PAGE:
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Localism Bill passes through Commons

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Ministers claimed “the tide had turned” over power being held in Whitehall as their Localism Bill cleared the Commons with MPs voting 300 to 216, a Government majority 84.

Decentralisation minister Greg Clark told the Commons that it would actually hand power back to local communities, describing it as a “landmark Bill”.

Speaking shortly before it received its third reading, he said: “The blindingly obvious fact is that this Bill is overwhelmingly decentralising. It favours the local over the central.

“The effect of this Bill is to see power leave Westminster, leave this House of Commons and House of Lords, and go where it is best invested in local communities. I believe we will look back in 10, 20, 30 years time to see today as a turning point.

“The tide of centralisation has turned, not just because of the decentralising measures this Government is taking forward but because communities across the country are demanding change.”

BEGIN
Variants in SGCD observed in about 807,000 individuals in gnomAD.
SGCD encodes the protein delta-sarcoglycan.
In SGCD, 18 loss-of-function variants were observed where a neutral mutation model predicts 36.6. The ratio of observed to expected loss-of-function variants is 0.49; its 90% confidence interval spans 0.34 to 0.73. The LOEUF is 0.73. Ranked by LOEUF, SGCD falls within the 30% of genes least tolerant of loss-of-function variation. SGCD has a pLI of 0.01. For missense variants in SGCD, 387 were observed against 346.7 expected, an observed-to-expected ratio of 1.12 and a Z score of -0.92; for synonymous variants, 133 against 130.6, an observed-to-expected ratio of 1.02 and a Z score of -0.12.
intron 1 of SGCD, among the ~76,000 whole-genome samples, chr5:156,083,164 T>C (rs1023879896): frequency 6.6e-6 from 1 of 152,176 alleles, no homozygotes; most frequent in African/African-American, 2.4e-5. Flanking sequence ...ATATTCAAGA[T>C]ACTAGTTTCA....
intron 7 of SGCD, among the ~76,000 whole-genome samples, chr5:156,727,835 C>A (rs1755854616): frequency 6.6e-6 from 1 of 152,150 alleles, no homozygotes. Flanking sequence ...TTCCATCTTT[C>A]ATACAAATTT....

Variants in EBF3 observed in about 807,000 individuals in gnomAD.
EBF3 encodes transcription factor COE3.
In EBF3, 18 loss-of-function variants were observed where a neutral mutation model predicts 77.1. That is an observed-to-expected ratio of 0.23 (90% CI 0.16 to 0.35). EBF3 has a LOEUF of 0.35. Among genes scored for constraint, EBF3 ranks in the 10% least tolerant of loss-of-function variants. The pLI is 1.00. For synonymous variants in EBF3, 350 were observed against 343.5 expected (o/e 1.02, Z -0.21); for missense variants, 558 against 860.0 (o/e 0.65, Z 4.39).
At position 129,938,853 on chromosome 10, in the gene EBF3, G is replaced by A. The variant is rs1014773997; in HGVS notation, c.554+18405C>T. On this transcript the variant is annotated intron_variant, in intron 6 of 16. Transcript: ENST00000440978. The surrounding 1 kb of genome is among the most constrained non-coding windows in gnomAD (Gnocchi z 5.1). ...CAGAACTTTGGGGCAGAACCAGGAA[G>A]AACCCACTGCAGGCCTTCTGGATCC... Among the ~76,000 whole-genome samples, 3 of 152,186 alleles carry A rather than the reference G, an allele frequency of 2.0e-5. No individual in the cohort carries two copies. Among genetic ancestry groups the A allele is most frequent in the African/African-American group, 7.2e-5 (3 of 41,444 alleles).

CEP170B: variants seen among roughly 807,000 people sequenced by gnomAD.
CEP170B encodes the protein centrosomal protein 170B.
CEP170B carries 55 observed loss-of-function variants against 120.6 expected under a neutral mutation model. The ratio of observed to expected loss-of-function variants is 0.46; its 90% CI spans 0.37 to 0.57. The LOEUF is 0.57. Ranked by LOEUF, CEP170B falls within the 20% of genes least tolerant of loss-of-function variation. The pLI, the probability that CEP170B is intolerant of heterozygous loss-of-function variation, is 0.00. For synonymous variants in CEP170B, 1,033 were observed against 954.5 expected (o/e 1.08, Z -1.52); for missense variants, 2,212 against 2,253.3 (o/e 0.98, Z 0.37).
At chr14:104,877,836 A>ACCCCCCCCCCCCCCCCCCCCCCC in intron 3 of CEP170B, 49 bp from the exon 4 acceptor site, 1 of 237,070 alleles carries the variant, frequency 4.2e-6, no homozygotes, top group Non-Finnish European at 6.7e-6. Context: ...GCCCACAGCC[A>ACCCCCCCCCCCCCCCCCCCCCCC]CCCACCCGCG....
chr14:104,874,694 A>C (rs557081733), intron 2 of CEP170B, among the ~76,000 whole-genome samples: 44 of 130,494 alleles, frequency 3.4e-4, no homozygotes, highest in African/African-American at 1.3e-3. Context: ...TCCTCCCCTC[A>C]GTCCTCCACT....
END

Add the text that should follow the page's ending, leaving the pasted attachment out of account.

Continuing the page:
But shadow communities minister Barbara Keeley said Labour still had “concerns and objections” to the Bill.

She said Labour disagreed “profoundly” with proposals to introduce shadow mayors in 12 of the UK’s largest cities, as well as its reforms to the planning system which would put planning decisions up “for sale”.

“In over 70 hours of debate we have worked hard to improve the Bill but much more needs to be changed and revised,” she said.

“The Bill should not be rushed on to the statute books when it was not ready to start with, when it was not subject to adequate consultation and when ministers have rejected many sensible amendments put forward during many earlier debates.”

Tory MP Andrea Leadsom (South Northamptonshire) said the Bill gave “communities the chance to determine the fate of their own environment”.

The legislation, which will now go to the Lords, will give councils the power to offer new social housing tenants shorter, fixed-term tenancies, ending the right to a council house for life.

It is also designed to devolve greater powers to give local communities more control over planning decisions.

Labour claimed the coalition’s plans do nothing to ease overcrowding in London and the south east, while handing the Communities Secretary 142 extra powers.






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